Positive pooled results from the MIVI-TRUST phase III programme are a sign that a microplasmin one-off injection will be a real alternative to surgery
Microplasmin is a molecule created from plasminogen, just one of the substances involved in blood clotting and the natural management of blood clots. Similar protein formations are also seen linking the vitreous to the retina in the eye, which, as biopharmaceutical developer, ThromboGenics saw means that microplasmin has the potential to be used in the treatment of a number of important ophthalmic indications.
Subsequently, ThromboGenics developed microplasmin as a non-surgical treatment for focal vitreomacular adhesion, a condition in which the vitreous gel has an abnormally strong adhesion to the retina. Over time, the gel tends to pull forward and can cause vessel and retinal distortion causing decreased vision. Microplasmin, as a proteolytic enzyme, has the potential to facilitate and in some cases replace vitrectomy and induce posterior vitreous detachment (PVD) by breaking down the protein structures, which join the vitreous to the retina. Consequently, ThromboGenics sees microplasmin as having the potential to treat diabetic retinopathy and AMD, particularly in those patients where vitreomacular adhesion may play an important role in their condition.
The MIVI-TRUST programme (Microplasmin for IntraVitreous Injection-Traction Release without Surgical Treatment) is the largest interventional clinical programme ever performed to specifically evaluate the vitreoretinal interface in patients with retinal disorders, recruiting 652 patients at 90 centres in Europe and the US.
Of the 465 microplasmin treated patients 26.4% achieved resolution of their vitreomacular adhesion at 28 days, compared with 10.2% of the 182 patients who received a placebo injection. This was statistically highly significant with a p value of 0.000002.
Patients without epiretinal membrane saw microplasmin perform even better with 37.4% of 270 patients achieving VMA resolution without surgery at 28 days, compared with 14.3% of 119 placebo treated patients (p = 0.000003).
For those 106 patients with full thickness macular hole (FTMH) 40.6% saw closure of their FTMH at 28 days following a singe 125 µg injection of microplasmin, without needing a vitrectomy. That compared with 10.6% of 47 patients in the placebo group (p = 0.00015). Closure of the FTMH led to the microplasmin patients experiencing what ThromboGenics describes as a significant improvement in their visual acuity (VA) compared to baseline.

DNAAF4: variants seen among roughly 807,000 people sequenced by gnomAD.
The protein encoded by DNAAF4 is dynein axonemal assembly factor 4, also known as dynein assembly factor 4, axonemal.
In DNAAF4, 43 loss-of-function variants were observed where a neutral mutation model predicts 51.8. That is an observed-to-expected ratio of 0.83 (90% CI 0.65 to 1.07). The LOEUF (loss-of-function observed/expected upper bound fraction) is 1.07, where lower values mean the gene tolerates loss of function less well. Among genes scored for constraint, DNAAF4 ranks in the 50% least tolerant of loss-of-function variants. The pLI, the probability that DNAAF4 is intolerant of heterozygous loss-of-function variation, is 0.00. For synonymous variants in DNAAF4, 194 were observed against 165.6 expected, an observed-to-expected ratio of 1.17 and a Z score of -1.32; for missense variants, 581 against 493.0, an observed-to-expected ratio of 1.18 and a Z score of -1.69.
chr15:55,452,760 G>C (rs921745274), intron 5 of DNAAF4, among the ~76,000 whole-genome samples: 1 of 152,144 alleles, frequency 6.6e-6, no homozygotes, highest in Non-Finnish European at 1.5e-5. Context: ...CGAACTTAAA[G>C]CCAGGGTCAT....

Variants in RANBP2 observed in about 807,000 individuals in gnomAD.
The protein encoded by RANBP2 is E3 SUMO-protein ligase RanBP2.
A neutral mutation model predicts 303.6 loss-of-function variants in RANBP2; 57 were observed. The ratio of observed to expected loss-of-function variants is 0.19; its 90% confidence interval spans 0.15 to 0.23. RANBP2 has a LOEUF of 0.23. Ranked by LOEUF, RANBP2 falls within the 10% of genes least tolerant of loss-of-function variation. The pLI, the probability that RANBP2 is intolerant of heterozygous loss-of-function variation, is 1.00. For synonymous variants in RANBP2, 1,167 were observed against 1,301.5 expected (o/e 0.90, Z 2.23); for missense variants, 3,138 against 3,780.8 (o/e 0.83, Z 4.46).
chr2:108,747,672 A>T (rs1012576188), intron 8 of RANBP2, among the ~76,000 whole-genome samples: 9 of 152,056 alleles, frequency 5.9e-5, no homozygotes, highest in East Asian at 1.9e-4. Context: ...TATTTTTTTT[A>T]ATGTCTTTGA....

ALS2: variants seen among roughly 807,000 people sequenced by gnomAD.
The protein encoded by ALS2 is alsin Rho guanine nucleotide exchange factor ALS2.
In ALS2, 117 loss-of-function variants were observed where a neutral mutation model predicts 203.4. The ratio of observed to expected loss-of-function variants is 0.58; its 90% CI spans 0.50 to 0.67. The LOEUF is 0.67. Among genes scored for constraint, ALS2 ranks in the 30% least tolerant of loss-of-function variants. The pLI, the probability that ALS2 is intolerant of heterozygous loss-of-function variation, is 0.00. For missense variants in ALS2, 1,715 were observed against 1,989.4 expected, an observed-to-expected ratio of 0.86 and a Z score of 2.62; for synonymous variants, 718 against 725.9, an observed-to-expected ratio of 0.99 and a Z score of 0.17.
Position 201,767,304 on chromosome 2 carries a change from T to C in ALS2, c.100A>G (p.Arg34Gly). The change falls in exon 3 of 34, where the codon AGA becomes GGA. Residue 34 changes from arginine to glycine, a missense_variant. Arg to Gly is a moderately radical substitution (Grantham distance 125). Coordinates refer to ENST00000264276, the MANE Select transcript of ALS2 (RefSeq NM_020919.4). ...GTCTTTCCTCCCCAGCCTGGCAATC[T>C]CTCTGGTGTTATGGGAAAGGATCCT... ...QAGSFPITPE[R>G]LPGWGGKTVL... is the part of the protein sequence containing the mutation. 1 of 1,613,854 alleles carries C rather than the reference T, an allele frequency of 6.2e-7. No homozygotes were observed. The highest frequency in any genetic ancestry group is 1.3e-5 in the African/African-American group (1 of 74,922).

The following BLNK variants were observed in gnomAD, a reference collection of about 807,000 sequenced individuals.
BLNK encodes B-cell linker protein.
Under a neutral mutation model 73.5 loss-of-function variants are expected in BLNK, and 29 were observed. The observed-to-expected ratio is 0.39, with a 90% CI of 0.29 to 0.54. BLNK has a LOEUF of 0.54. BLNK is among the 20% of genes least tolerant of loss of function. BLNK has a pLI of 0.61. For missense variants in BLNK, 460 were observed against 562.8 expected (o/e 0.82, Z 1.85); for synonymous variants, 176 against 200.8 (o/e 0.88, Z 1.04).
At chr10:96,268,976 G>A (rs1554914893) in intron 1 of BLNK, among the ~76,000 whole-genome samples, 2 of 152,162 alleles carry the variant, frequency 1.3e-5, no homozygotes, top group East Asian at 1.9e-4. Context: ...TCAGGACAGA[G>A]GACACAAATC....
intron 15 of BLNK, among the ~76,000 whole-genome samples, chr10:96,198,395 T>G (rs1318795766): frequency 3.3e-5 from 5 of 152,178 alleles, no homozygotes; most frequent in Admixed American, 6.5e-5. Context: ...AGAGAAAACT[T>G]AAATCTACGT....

The pooled results were presented by Professor Peter Stalmans (Leuven University Hospitals in Belgium) at the EURETINA Congress in Paris and he gave an analysis of the pooled VA data from the Phase III programme. At the end of the 6 month study period, 23.7% of the microplasmin treated patients had achieved at least a 10 letter (2 lines) improvement in VA without the need for vitrectomy, That compared to only 11.2% of the patient group who received the placebo injection (p = 0.0002). Of the microplasim treated population 9.7% of patients achieved a 15 letter (3 lines) improvement in their VA without the need for vitrectomy, compared to 3.7% of the placebo patients (p = 0.01). The microplasim treated patients also showed an improved Quality of Life when compared to placebo, based on the VFQ-25 (US National Eye Institute Visual Functioning Questionnaire) results.
Professor Stalmans said: "I am delighted to have presented these pooled results for the first time. Based on these exciting Phase III results and my own personal experience, I have little doubt that microplasim will quickly become an important treatment option for patients with a range of retinal disorders, including macular hole. The benefits of this simple one-off injection are very appealing, when compared to surgery, to both patients and retina specialists."
Chief executive officer of ThromboGenics, Dr Patrik De Haes, said: "The successful completion and reporting of our 652 patient Phase III programme with microplasmin in just 20 months demonstrates ThromboGenics's highly effective drug development capabilities. The pooled data presented clearly show that microplasmin could make a significant difference to the treatment of vitreoretinal disorders. The results from these pivotal trials will form the central part of the packages that we plan to submit to the FDA and EMA by mid 2011 to support our applications for marketing approval. Given the success of the overall Phase III clinical programme and our plans to market microplasmin ourselves both in the US and Europe, we are now gearing up our pre-markteing activities and our commercial organization. Based on these exciting results and our discussions with many leading retinal specialists, I am convinced that microplasmin has the potential to become a highly attractive treatment option for a broad range of retinal disorders."